1. In general, economically and culturally, Asia is rising. Europe is in decline.
  2. Immigration is a big issue globally. Britons feel swamped by unfettered immigration from Europe. That strongly affected their votes. I’m perceiving that the immigration issue was bigger by far than economic questions.
  3. Social anger is increasing. Many people feel they have lost ownership of government and are at risk of losing their cultural identity. Results: anger, alienation, separation, and fear. This was apparent in the “Brexit” vote. It is also apparent in the current angry American presidential campaign.
  4. Low and lower interest rates. Brexit demonstrates yet again that any crisis is a giant gift to the Federal Reserve. At this point the Federal Reserve can keep interest rates as low as it wishes for as long as it wishes, and blame Brexit.

Here’s my article in the Salinas Californian, to discuss this further.

Read here.


As we prepare the 2nd quarter’s reports and I study the financial markets, I’m reminded yet again that intelligent persistence is a core virtue of successful investing. My son Eric, who is on our board of directors, recently sent me this link, and I think it’s very relevant. Press on regardless.

Read article

Brexit? What Brexit?

Early thoughts on BREXIT: first, the vote last week was a non-binding referendum, which means that it was simply an opinion poll. Second, everybody seems intent on stalling any implementation. Third, the central banks are lining up to throw money supply at the problem. So this could be a big deal…or not. What happens next is literally unpredictable but probably we’ll all muddle by as we so often manage to do. Despite the rhetoric, we may discover that this was a good event, a bad event, or a non-event. Nobody really knows. So far it’s essentially been a non-event. Stay diversified. We are following this closely.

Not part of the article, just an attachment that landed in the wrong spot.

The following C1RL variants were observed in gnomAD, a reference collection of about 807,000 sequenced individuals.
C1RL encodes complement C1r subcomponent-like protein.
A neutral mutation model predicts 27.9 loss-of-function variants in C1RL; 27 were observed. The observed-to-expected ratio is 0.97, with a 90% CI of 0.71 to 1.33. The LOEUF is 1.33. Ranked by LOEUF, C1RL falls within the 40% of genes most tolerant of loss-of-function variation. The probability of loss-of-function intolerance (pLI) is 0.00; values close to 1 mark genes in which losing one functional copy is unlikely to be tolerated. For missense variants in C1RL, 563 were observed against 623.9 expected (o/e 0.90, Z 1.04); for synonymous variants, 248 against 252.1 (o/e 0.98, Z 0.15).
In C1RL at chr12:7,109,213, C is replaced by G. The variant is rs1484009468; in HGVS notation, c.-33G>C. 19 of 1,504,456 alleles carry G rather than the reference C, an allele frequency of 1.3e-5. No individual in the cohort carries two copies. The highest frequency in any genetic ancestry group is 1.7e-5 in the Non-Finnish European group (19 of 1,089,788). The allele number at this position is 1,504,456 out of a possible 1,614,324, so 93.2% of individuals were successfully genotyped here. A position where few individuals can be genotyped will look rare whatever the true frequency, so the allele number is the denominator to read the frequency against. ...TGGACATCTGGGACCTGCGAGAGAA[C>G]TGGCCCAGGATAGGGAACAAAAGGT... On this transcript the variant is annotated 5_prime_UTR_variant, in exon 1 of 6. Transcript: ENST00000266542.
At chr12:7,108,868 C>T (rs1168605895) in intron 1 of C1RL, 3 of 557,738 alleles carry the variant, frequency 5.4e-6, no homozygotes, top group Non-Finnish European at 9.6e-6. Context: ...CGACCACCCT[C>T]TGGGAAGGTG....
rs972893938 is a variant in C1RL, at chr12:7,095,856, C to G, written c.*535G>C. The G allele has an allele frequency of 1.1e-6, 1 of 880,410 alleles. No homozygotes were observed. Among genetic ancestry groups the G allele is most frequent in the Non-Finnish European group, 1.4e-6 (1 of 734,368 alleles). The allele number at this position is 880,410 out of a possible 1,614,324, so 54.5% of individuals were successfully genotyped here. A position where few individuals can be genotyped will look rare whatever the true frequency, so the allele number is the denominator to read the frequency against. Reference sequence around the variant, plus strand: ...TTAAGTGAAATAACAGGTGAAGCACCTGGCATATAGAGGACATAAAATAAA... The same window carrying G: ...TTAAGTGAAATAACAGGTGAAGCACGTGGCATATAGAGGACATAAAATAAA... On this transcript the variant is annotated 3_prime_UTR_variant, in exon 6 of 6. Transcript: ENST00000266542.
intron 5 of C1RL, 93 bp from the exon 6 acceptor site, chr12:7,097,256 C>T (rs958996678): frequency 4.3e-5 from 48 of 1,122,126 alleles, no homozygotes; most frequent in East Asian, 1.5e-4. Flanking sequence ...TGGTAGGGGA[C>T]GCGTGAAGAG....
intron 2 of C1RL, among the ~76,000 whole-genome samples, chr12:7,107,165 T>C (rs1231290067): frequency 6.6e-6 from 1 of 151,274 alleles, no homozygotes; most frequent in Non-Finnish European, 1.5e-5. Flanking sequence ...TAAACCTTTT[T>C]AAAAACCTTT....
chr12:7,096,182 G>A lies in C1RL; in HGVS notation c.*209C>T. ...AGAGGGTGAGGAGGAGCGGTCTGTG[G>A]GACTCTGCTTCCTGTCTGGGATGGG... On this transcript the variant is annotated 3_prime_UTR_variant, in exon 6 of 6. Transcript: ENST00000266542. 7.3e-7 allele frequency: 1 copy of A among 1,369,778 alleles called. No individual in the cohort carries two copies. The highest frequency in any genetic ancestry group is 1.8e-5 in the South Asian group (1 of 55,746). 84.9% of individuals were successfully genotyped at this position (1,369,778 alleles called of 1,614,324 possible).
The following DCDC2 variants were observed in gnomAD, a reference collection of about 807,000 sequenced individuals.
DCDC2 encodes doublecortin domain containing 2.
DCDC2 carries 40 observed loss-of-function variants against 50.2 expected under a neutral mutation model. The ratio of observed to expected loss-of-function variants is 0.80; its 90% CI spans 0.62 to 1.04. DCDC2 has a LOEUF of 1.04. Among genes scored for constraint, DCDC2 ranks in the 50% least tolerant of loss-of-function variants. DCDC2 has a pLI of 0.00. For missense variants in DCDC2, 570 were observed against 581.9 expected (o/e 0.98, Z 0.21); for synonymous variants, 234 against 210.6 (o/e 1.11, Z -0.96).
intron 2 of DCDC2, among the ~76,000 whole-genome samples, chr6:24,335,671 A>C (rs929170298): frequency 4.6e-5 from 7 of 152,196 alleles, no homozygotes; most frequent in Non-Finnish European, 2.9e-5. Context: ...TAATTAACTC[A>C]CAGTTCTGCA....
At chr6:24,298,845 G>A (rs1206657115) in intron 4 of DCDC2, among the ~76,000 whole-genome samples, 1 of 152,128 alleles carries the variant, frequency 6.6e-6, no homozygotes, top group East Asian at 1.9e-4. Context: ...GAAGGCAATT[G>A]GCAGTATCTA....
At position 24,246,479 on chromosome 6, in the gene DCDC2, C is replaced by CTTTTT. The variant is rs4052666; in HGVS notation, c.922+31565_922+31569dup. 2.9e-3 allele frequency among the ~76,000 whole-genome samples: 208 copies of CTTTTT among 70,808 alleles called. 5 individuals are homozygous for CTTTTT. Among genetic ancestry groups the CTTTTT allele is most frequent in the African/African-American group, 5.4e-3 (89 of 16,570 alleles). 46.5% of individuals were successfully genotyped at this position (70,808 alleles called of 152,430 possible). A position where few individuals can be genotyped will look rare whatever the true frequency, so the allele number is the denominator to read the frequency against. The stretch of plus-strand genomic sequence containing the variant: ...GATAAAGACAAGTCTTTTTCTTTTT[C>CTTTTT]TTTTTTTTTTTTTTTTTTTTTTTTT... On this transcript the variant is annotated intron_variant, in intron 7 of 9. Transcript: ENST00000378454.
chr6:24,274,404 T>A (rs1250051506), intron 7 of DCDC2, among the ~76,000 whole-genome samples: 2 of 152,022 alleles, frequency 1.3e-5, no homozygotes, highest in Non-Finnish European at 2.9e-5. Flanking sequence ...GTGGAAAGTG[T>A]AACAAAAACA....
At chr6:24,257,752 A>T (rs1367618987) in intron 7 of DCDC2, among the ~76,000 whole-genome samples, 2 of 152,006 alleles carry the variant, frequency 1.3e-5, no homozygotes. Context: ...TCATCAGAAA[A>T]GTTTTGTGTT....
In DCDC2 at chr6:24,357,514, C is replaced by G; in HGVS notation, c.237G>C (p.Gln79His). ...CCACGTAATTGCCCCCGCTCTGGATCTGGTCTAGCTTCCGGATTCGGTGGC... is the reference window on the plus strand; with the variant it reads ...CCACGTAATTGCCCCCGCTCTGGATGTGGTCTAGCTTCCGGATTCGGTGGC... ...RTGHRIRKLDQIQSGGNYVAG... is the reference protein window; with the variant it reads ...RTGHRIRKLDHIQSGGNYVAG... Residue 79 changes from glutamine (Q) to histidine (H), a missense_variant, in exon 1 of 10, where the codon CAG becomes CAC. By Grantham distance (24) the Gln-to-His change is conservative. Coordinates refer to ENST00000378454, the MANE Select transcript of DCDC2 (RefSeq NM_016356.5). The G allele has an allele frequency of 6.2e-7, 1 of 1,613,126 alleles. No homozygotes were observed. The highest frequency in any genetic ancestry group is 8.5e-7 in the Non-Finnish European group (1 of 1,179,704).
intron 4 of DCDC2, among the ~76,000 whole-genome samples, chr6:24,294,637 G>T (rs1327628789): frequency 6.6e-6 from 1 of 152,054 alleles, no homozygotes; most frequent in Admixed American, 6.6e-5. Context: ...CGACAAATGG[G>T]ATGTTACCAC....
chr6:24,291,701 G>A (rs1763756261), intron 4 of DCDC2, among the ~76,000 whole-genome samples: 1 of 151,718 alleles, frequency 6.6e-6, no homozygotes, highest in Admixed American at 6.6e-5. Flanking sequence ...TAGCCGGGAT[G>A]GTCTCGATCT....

The Sequoia Blowout

Read article

As the attached article explains, Sequoia Fund (symbol SEQUX) has always been an investment we have been proud to own. Over the decades it has delivered above-market results which have been unusually durable. The management of this mutual fund has delivered superb, consistent, even admirable management.

That may not entirely be the case now, as documented by the attached article. A few months ago, this mutual fund began to fade as its over-allocation to one failing stock, Valeant, dragged it down to a very unusual underperformance. At this point, we are analyzing this mutual fund to determine whether or not to stay, to sell, or even to buy more. Meanwhile, it’s a classic story of how a great mutual fund can go wrong.

There are several conclusions to be drawn from this.